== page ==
The provincial government has thrown in the towel last week in the bilingual bus folder. He gives up trying to convince the Court of Appeal to clarify its constitutional obligations.
That’s not all.
Fredericton fate of the legs of school districts, who can now manage the school bus as they want. They are free to share buses with English-speaking districts if they wish.
This turnaround is well received by districts. It is understandable. They now have a little more power.
The three francophone districts, however, inherit an explosive issue.
If one of them opts for bilingual bus, it will be exposed to long and costly litigation.
That said, it is likely that they will choose the status quo.
But they will get away unscathed even if they do not move a muscle.
The four anglophone districts, attracted by the opportunity to save money, will probably talk louder in favor of bilingual bus.
Columnists of daily Irving will beat the drums of efficiency and many Internet users will grumble that the heterogeneous transport is the cause of all the problems of New Brunswick.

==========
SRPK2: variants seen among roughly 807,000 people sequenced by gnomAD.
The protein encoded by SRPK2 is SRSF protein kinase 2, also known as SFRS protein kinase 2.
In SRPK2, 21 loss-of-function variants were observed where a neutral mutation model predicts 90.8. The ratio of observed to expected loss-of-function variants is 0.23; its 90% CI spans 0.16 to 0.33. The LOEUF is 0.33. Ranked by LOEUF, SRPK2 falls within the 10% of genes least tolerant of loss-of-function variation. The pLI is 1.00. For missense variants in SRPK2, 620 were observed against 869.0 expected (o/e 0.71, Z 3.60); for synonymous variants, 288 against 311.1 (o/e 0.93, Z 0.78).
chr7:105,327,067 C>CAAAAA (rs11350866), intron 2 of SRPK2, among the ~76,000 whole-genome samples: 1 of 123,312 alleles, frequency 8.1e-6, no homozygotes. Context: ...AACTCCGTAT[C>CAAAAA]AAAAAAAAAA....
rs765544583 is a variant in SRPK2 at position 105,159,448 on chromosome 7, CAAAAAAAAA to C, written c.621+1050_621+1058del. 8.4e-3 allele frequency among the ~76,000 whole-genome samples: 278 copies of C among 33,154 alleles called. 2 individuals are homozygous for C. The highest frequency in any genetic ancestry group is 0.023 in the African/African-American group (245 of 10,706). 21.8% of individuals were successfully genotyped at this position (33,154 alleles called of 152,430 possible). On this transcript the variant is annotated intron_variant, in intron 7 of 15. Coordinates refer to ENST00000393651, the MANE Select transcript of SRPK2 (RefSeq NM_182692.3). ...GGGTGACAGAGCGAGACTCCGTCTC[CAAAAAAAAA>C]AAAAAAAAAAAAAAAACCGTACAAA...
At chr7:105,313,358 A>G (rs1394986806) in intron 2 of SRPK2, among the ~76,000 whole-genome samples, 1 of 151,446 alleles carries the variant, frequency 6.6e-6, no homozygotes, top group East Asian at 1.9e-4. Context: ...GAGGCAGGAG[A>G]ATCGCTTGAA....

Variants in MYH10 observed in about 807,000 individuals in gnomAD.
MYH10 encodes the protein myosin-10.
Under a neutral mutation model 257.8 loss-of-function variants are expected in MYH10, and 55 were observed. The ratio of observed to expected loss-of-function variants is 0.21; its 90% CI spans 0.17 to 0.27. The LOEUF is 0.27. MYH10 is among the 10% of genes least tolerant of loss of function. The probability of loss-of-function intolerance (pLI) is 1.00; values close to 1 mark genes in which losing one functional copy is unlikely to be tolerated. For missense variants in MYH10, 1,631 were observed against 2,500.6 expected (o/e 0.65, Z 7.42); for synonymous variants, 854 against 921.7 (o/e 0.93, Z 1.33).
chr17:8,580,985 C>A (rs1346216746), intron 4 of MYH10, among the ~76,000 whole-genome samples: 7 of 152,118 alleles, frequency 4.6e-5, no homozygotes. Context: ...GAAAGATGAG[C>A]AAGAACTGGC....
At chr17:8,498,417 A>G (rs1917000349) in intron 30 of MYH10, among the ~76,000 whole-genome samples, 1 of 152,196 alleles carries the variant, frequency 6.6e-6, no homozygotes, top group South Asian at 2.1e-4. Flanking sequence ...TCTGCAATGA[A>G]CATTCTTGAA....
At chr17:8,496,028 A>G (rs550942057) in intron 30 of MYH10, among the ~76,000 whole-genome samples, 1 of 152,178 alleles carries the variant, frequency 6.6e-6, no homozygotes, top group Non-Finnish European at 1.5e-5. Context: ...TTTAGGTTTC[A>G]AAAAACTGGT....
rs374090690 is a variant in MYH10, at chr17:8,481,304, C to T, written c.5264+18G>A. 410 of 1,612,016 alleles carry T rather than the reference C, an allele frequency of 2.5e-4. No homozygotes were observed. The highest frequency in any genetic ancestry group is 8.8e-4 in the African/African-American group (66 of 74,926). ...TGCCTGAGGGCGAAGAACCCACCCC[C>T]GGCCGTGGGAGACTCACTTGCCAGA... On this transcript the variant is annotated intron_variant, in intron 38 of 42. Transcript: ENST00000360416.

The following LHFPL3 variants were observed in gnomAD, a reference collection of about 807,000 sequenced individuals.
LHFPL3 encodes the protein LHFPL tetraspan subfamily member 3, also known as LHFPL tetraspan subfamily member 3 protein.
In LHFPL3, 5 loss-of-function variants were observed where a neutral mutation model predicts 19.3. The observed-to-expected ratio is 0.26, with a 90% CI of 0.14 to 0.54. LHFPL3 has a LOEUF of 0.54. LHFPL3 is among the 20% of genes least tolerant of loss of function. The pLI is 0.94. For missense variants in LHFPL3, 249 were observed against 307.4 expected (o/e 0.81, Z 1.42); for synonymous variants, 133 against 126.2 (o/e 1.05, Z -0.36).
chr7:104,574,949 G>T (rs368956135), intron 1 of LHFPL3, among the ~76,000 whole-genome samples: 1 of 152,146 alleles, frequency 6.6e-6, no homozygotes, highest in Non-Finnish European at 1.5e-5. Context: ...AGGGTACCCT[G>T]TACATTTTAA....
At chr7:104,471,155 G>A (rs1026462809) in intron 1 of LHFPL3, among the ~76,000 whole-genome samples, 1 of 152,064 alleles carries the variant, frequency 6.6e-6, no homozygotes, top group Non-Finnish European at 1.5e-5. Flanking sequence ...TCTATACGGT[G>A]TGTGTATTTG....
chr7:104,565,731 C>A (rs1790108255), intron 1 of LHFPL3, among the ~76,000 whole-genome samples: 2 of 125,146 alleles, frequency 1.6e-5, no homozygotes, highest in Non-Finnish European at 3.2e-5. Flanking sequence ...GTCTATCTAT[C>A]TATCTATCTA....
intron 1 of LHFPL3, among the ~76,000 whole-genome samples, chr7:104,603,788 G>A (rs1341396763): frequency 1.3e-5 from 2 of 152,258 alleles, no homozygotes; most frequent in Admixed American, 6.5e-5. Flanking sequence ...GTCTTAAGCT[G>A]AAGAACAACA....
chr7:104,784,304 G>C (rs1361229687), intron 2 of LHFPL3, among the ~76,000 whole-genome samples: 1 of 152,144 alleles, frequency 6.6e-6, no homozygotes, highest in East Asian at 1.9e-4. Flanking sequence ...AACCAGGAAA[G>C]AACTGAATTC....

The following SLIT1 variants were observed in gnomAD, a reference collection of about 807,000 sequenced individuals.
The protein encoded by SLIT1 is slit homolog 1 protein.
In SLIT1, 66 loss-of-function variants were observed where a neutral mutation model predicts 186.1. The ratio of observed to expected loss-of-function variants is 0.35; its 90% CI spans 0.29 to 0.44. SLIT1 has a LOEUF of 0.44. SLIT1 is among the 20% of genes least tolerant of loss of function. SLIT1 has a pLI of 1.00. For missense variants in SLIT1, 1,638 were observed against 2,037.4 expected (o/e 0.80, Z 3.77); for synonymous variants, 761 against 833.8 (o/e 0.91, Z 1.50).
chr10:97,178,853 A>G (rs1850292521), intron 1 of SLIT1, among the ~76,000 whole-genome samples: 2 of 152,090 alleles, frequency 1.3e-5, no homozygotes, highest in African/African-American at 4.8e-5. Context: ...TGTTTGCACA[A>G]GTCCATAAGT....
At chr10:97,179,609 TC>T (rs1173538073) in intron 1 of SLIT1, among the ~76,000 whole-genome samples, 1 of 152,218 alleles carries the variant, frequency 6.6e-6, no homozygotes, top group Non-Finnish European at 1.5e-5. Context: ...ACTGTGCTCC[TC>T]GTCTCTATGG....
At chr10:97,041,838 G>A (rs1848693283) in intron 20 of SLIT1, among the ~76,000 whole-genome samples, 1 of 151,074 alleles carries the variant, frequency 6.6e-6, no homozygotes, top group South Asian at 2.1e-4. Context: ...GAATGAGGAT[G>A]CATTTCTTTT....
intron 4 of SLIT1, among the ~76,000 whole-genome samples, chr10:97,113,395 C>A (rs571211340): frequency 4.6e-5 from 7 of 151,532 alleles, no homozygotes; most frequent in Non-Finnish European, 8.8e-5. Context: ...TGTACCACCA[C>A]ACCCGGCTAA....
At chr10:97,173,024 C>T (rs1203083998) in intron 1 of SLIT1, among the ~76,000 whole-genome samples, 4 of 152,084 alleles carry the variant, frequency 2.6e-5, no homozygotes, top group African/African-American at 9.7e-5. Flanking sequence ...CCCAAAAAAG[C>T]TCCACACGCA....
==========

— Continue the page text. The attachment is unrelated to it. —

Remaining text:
Some politicians will see an opportunity to score points in the 2018 elections approach and will land like dogs in a china shop.
And who is going to face all this pressure? Not the Prime Minister and his colleagues, well surrounded elected who are used to manage crises and to be criticized from all sides on all sides.
No. These are the Francophone school councilors, community members who may not have as hard rind, which will handle this hot potato.
It is perhaps not yet realized, but Brian Gallant, Brian Kenny and Serge Rousselle just drop a bag of excrement on the steps of the francophone districts, the light and sound before clear off screaming with laughter.